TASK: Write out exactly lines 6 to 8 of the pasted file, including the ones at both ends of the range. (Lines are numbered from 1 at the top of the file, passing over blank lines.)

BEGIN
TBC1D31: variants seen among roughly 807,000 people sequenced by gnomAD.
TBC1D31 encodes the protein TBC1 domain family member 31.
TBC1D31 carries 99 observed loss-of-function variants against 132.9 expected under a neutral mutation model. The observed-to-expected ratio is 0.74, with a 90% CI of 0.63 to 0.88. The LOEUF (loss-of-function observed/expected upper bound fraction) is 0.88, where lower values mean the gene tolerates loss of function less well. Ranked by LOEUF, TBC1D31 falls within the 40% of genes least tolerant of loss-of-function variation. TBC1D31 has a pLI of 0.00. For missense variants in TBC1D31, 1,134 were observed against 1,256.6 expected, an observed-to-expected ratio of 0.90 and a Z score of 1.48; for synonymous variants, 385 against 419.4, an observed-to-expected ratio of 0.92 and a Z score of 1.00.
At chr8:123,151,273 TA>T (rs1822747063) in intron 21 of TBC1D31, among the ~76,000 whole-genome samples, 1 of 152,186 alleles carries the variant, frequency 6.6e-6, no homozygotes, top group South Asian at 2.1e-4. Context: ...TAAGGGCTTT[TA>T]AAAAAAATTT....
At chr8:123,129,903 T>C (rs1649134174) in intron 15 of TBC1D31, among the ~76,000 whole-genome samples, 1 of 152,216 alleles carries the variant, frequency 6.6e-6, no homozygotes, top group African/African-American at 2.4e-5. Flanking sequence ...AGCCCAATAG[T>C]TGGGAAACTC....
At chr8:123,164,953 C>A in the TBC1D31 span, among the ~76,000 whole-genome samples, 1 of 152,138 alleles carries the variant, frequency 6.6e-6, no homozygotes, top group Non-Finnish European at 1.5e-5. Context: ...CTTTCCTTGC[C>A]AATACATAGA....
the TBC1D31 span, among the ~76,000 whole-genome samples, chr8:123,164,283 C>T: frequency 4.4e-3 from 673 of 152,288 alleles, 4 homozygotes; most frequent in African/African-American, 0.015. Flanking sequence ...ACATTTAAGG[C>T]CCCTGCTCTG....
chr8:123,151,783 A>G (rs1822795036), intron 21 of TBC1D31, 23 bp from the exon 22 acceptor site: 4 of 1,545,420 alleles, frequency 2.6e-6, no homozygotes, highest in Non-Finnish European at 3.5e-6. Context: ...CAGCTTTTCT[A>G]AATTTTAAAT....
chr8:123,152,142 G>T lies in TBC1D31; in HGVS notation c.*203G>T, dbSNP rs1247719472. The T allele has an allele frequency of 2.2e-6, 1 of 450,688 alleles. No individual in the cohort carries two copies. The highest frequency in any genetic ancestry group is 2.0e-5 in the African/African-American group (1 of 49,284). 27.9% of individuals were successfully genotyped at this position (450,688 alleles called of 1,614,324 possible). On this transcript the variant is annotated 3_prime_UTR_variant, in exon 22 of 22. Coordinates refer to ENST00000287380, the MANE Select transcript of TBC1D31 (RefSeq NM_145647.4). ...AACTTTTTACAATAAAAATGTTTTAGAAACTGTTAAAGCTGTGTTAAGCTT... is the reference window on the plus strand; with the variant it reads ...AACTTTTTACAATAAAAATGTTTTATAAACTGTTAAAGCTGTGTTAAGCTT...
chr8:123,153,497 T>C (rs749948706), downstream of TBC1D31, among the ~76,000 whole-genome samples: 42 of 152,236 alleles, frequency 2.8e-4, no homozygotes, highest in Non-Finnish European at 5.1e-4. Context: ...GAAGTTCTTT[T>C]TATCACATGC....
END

At chr8:123,164,953 C>A in the TBC1D31 span, among the ~76,000 whole-genome samples, 1 of 152,138 alleles carries the variant, frequency 6.6e-6, no homozygotes, top group Non-Finnish European at 1.5e-5. Context: ...CTTTCCTTGC[C>A]AATACATAGA....
the TBC1D31 span, among the ~76,000 whole-genome samples, chr8:123,164,283 C>T: frequency 4.4e-3 from 673 of 152,288 alleles, 4 homozygotes; most frequent in African/African-American, 0.015. Flanking sequence ...ACATTTAAGG[C>T]CCCTGCTCTG....
chr8:123,151,783 A>G (rs1822795036), intron 21 of TBC1D31, 23 bp from the exon 22 acceptor site: 4 of 1,545,420 alleles, frequency 2.6e-6, no homozygotes, highest in Non-Finnish European at 3.5e-6. Context: ...CAGCTTTTCT[A>G]AATTTTAAAT....